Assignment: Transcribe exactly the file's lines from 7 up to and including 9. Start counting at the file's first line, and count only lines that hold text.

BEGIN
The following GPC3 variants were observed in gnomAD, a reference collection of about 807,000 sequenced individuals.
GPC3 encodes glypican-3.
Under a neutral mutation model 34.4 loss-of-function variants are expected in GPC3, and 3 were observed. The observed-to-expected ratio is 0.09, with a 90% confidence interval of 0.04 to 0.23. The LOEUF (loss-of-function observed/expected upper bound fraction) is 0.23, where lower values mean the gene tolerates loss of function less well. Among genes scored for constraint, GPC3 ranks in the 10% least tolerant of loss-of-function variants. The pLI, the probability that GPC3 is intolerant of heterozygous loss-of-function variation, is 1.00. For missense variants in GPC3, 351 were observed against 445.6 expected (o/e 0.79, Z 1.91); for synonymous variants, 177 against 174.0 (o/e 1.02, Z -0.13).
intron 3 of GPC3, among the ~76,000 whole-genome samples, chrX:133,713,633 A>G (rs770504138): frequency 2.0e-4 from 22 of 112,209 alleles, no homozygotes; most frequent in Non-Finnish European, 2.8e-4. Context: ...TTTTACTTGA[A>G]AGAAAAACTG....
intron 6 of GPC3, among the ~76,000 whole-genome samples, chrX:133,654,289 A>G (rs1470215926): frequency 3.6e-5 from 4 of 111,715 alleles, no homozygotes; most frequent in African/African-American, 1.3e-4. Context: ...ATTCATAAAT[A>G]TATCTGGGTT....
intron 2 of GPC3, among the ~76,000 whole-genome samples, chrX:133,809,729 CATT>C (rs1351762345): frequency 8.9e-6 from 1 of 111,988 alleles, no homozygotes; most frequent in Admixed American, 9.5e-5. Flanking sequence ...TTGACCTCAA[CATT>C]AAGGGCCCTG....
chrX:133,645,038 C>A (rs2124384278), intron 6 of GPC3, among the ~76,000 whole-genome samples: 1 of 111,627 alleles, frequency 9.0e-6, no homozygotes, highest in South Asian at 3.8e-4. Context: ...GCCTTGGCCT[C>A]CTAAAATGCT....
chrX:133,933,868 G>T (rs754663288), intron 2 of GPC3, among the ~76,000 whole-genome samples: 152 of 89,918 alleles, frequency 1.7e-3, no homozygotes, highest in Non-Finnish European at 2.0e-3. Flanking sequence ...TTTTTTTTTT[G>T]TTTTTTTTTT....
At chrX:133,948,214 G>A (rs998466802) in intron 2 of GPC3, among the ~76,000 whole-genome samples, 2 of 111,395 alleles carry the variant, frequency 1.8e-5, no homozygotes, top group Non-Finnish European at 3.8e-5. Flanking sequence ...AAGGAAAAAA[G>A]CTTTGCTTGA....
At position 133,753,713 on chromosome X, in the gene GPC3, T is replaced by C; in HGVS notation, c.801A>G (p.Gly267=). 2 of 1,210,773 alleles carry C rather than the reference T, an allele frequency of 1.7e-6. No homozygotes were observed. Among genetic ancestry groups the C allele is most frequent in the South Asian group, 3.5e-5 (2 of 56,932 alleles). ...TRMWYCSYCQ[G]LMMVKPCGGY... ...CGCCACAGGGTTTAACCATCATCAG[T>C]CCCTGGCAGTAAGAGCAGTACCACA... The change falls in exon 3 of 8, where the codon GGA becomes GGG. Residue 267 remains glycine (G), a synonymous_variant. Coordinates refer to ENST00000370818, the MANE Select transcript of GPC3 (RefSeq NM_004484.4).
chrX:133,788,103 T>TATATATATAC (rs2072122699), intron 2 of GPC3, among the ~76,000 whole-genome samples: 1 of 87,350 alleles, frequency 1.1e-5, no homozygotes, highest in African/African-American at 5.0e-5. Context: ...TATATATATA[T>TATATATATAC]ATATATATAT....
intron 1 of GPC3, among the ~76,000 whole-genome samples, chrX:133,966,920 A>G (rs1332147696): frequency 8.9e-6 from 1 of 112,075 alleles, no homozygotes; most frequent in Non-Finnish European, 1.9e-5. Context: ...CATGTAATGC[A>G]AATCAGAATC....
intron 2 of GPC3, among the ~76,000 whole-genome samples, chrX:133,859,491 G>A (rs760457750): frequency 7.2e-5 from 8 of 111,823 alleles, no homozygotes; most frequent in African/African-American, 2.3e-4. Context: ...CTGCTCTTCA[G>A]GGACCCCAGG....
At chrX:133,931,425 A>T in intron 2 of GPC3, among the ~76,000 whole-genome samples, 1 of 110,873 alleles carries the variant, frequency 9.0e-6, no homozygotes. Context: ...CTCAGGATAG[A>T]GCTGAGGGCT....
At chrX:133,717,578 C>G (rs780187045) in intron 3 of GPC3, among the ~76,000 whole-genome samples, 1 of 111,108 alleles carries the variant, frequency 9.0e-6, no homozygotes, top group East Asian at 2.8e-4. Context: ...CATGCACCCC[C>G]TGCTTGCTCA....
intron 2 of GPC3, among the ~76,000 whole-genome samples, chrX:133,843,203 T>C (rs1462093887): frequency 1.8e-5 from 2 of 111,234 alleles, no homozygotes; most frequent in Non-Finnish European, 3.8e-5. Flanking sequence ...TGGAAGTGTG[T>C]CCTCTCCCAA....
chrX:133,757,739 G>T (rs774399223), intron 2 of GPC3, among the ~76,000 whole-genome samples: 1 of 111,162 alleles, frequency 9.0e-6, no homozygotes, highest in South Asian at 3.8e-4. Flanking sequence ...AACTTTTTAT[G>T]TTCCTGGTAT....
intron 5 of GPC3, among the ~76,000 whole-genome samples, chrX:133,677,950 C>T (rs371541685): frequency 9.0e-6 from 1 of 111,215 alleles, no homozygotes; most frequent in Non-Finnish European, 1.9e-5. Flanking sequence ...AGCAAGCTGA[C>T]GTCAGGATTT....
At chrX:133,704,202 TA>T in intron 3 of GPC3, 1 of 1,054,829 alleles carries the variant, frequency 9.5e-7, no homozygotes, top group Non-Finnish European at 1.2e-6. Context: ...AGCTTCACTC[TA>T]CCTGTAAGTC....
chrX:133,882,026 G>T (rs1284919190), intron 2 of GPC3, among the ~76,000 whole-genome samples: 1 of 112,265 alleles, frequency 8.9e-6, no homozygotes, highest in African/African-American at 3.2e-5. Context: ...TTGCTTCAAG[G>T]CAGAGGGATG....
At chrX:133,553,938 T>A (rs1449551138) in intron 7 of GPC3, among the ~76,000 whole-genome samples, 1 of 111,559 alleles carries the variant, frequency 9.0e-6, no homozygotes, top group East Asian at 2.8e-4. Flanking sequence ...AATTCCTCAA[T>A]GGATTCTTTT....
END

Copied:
chrX:133,645,038 C>A (rs2124384278), intron 6 of GPC3, among the ~76,000 whole-genome samples: 1 of 111,627 alleles, frequency 9.0e-6, no homozygotes, highest in South Asian at 3.8e-4. Context: ...GCCTTGGCCT[C>A]CTAAAATGCT....
chrX:133,933,868 G>T (rs754663288), intron 2 of GPC3, among the ~76,000 whole-genome samples: 152 of 89,918 alleles, frequency 1.7e-3, no homozygotes, highest in Non-Finnish European at 2.0e-3. Flanking sequence ...TTTTTTTTTT[G>T]TTTTTTTTTT....
At chrX:133,948,214 G>A (rs998466802) in intron 2 of GPC3, among the ~76,000 whole-genome samples, 2 of 111,395 alleles carry the variant, frequency 1.8e-5, no homozygotes, top group Non-Finnish European at 3.8e-5. Flanking sequence ...AAGGAAAAAA[G>A]CTTTGCTTGA....